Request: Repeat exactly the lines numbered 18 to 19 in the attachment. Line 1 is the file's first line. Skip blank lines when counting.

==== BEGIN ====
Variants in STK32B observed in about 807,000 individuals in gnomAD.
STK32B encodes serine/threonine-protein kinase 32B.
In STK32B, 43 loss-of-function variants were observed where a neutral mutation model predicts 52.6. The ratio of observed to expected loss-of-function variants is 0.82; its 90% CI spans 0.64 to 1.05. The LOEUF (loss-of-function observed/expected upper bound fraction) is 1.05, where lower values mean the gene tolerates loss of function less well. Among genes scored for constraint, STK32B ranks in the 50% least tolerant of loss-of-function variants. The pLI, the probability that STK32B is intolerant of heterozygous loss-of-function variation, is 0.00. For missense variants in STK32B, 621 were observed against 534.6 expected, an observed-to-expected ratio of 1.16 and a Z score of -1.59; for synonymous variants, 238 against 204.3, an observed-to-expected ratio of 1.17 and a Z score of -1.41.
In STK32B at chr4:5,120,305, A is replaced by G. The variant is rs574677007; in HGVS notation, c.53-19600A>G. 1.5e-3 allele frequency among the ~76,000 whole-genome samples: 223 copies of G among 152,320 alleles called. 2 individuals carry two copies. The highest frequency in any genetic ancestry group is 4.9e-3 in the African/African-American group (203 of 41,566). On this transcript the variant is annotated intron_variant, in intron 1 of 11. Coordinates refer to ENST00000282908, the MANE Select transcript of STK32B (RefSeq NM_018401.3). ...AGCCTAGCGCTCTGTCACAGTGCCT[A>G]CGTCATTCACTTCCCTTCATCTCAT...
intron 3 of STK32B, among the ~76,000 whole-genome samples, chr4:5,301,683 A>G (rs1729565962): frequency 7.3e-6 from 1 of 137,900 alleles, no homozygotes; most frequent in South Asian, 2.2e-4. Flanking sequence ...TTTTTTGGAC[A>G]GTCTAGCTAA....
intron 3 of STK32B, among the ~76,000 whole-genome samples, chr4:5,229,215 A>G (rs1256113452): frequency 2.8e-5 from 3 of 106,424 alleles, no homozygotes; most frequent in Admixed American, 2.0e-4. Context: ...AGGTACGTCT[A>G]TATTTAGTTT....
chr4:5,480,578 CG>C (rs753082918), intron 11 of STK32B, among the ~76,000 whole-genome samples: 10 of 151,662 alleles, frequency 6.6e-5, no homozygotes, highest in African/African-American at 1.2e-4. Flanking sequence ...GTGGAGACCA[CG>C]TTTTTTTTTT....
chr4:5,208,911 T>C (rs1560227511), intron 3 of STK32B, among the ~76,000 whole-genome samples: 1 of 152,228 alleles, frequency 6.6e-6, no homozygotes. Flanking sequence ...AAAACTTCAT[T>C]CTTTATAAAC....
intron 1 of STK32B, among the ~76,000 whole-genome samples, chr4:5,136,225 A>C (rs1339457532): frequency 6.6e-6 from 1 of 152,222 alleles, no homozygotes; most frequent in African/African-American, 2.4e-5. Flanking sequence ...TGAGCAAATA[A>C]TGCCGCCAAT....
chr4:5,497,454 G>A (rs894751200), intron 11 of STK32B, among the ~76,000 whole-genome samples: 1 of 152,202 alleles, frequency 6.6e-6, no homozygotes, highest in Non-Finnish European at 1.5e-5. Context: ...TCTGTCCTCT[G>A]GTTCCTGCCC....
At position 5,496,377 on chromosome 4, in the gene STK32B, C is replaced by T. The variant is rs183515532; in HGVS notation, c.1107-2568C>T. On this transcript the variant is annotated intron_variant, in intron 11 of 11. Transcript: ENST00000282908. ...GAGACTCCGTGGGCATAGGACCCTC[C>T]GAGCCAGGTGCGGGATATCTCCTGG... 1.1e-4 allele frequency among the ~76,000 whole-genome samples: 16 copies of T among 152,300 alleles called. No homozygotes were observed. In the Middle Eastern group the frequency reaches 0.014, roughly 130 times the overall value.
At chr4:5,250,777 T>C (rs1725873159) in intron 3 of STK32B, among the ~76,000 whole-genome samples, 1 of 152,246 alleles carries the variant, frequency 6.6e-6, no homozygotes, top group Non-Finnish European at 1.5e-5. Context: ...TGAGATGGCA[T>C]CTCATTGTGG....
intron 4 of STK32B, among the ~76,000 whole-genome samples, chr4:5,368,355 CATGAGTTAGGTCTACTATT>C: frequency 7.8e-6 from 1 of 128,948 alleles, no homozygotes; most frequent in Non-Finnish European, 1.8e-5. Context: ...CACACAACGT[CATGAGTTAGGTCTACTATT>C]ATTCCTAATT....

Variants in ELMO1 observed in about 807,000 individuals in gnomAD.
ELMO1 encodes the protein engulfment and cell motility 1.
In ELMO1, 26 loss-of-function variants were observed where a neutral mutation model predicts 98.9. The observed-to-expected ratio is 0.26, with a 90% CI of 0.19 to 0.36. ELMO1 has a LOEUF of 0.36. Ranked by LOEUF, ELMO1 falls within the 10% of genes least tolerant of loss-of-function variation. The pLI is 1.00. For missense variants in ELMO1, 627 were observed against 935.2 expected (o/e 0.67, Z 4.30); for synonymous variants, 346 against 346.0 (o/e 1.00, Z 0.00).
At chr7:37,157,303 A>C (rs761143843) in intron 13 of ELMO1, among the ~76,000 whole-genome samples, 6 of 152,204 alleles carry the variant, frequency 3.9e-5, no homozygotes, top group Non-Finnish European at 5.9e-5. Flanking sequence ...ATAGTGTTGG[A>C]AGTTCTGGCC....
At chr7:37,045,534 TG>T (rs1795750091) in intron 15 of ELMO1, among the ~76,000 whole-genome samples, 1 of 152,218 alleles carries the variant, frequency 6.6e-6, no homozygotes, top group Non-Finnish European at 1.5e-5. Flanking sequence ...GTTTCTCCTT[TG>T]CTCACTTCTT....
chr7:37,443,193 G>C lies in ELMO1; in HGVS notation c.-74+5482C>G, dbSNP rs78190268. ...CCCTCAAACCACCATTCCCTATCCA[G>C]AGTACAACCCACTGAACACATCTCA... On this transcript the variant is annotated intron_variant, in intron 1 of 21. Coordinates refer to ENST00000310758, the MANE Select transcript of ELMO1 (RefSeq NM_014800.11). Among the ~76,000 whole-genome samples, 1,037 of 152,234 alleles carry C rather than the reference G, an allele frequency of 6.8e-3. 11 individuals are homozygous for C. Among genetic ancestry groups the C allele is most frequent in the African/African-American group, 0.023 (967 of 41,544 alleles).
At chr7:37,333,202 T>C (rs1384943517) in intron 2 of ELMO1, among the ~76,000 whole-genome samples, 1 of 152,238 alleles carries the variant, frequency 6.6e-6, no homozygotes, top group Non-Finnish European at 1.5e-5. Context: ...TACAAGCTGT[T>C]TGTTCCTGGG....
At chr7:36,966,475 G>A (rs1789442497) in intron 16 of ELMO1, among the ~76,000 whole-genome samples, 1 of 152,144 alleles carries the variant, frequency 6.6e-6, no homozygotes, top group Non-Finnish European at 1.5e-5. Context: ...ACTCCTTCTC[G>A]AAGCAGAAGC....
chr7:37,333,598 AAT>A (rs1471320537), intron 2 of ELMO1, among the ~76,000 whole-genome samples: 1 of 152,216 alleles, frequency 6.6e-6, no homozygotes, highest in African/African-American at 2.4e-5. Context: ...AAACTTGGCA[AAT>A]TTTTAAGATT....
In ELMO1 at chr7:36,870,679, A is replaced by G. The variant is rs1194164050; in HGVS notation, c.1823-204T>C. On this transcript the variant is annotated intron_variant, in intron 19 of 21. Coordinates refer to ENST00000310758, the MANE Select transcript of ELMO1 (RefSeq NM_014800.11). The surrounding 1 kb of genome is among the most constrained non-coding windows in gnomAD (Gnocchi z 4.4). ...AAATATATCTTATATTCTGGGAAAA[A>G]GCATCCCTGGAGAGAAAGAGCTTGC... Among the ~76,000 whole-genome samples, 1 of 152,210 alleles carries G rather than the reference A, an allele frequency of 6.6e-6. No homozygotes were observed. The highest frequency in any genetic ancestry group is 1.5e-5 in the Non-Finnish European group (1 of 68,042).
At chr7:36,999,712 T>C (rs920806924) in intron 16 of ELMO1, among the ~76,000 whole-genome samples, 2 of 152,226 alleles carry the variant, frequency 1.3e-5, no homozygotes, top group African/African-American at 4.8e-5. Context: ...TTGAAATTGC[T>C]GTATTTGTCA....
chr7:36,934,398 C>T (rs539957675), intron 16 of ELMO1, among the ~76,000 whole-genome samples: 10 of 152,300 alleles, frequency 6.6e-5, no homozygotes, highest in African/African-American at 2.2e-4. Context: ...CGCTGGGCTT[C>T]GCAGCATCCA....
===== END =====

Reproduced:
At chr7:37,045,534 TG>T (rs1795750091) in intron 15 of ELMO1, among the ~76,000 whole-genome samples, 1 of 152,218 alleles carries the variant, frequency 6.6e-6, no homozygotes, top group Non-Finnish European at 1.5e-5. Flanking sequence ...GTTTCTCCTT[TG>T]CTCACTTCTT....
chr7:37,443,193 G>C lies in ELMO1; in HGVS notation c.-74+5482C>G, dbSNP rs78190268. ...CCCTCAAACCACCATTCCCTATCCA[G>C]AGTACAACCCACTGAACACATCTCA... On this transcript the variant is annotated intron_variant, in intron 1 of 21. Coordinates refer to ENST00000310758, the MANE Select transcript of ELMO1 (RefSeq NM_014800.11). Among the ~76,000 whole-genome samples, 1,037 of 152,234 alleles carry C rather than the reference G, an allele frequency of 6.8e-3. 11 individuals are homozygous for C. Among genetic ancestry groups the C allele is most frequent in the African/African-American group, 0.023 (967 of 41,544 alleles).